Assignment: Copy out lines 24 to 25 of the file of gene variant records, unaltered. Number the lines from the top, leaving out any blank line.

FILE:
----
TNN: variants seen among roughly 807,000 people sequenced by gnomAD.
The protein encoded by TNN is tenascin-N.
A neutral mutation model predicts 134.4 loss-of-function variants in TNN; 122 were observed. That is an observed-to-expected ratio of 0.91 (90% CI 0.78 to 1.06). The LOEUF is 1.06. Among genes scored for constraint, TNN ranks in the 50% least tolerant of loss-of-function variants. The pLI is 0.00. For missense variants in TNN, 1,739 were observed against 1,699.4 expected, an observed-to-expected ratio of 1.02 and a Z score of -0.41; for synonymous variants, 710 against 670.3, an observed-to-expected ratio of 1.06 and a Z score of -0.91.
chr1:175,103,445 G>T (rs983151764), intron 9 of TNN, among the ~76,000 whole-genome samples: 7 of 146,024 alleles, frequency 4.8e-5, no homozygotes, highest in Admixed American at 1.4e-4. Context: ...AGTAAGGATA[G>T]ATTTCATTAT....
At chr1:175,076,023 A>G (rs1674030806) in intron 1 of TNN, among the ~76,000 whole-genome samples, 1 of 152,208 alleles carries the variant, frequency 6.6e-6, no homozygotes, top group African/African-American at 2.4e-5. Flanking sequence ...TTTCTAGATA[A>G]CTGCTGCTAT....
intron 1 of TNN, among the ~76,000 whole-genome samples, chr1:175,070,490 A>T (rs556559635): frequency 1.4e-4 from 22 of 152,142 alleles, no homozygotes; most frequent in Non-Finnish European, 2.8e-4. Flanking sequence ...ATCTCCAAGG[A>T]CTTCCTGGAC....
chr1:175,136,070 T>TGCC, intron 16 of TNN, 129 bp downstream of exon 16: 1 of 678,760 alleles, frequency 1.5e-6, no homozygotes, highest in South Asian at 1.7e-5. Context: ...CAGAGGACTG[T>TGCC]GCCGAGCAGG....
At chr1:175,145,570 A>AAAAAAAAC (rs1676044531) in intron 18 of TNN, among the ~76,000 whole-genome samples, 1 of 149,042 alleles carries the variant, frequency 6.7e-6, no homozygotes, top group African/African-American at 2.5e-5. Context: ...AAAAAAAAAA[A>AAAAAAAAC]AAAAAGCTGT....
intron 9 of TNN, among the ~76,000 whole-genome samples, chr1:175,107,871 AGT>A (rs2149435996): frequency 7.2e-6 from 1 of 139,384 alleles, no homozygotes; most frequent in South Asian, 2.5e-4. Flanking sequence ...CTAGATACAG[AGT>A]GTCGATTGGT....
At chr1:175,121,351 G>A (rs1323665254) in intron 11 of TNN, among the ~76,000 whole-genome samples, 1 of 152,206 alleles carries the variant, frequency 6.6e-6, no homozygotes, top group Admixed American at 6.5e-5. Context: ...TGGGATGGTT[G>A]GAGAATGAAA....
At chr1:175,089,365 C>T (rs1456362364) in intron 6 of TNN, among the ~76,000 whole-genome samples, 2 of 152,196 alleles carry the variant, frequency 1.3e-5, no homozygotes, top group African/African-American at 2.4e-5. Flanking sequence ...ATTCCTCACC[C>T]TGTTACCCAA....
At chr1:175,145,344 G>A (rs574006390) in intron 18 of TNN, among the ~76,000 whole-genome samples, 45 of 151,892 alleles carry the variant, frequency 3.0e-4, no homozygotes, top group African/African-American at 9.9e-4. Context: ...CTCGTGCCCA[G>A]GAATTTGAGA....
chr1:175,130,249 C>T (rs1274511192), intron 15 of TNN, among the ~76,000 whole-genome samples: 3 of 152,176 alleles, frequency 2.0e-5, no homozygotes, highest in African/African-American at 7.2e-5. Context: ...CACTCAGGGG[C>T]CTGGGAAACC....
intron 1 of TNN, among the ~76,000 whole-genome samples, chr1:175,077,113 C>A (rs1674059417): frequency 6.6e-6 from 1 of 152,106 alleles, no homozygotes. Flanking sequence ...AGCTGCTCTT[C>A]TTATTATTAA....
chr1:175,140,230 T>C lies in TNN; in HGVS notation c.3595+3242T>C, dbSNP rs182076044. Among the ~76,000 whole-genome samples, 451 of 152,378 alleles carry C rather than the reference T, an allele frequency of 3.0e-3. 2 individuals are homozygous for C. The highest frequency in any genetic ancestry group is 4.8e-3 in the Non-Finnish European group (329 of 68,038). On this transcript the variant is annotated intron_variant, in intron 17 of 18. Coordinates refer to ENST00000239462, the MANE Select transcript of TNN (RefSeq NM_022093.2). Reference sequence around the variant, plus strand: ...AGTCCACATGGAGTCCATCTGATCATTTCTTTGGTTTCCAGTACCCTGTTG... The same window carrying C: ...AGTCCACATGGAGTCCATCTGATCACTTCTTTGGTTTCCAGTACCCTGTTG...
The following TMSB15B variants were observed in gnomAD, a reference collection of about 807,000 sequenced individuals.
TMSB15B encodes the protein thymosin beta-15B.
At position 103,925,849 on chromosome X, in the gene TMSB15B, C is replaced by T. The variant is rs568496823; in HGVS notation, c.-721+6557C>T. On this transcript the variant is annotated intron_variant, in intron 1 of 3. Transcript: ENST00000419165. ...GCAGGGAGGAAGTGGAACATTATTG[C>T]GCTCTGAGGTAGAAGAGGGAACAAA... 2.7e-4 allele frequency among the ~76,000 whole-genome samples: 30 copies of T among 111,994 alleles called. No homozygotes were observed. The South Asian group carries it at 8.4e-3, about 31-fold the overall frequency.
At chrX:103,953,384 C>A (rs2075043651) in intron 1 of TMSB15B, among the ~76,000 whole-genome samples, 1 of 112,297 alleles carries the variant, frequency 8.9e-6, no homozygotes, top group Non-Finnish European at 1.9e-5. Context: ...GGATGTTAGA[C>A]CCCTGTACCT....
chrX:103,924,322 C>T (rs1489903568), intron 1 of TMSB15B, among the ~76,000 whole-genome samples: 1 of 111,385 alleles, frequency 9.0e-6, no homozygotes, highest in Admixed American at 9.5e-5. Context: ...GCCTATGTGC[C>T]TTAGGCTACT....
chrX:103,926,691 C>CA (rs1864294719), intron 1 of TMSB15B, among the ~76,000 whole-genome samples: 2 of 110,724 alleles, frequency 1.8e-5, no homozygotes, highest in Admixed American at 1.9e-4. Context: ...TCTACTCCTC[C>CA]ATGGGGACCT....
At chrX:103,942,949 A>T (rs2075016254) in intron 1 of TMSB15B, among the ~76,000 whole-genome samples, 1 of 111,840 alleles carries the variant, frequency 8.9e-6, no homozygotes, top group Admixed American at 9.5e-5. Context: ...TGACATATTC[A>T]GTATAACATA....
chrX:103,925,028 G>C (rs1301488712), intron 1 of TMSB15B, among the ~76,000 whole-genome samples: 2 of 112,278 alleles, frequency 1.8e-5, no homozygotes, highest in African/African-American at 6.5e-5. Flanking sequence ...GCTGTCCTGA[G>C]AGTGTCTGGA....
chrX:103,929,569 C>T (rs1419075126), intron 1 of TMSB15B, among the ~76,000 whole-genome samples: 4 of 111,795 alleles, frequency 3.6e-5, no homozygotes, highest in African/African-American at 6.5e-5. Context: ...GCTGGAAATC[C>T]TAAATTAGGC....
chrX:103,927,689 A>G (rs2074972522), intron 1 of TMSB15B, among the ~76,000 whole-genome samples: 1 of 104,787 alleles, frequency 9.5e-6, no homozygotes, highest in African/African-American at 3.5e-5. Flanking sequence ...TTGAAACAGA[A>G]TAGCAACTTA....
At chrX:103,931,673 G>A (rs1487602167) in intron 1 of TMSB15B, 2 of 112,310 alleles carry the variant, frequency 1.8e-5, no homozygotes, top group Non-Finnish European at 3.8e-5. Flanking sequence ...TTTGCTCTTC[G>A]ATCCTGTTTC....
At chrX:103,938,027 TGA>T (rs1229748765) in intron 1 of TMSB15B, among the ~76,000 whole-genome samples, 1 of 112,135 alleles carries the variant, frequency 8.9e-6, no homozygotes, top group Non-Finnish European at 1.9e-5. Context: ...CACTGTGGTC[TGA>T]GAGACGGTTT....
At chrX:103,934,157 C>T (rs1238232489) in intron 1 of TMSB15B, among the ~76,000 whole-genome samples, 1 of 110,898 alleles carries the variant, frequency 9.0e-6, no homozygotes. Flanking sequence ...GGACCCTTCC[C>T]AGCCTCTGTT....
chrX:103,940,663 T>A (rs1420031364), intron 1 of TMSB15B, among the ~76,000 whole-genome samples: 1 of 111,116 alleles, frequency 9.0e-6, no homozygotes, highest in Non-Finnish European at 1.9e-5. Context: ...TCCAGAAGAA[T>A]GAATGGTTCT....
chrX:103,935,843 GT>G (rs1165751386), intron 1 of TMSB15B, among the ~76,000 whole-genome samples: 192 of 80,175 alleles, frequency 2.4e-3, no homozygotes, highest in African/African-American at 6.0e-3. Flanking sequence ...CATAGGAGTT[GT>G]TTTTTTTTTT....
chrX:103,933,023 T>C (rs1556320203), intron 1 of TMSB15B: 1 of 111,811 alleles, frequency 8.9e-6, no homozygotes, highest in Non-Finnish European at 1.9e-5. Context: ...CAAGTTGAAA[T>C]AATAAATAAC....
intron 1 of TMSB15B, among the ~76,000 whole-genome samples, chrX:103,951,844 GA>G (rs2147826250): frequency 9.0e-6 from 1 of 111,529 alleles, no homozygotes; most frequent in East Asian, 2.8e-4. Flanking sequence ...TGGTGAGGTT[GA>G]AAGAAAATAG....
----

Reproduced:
chrX:103,929,569 C>T (rs1419075126), intron 1 of TMSB15B, among the ~76,000 whole-genome samples: 4 of 111,795 alleles, frequency 3.6e-5, no homozygotes, highest in African/African-American at 6.5e-5. Context: ...GCTGGAAATC[C>T]TAAATTAGGC....
chrX:103,927,689 A>G (rs2074972522), intron 1 of TMSB15B, among the ~76,000 whole-genome samples: 1 of 104,787 alleles, frequency 9.5e-6, no homozygotes, highest in African/African-American at 3.5e-5. Flanking sequence ...TTGAAACAGA[A>G]TAGCAACTTA....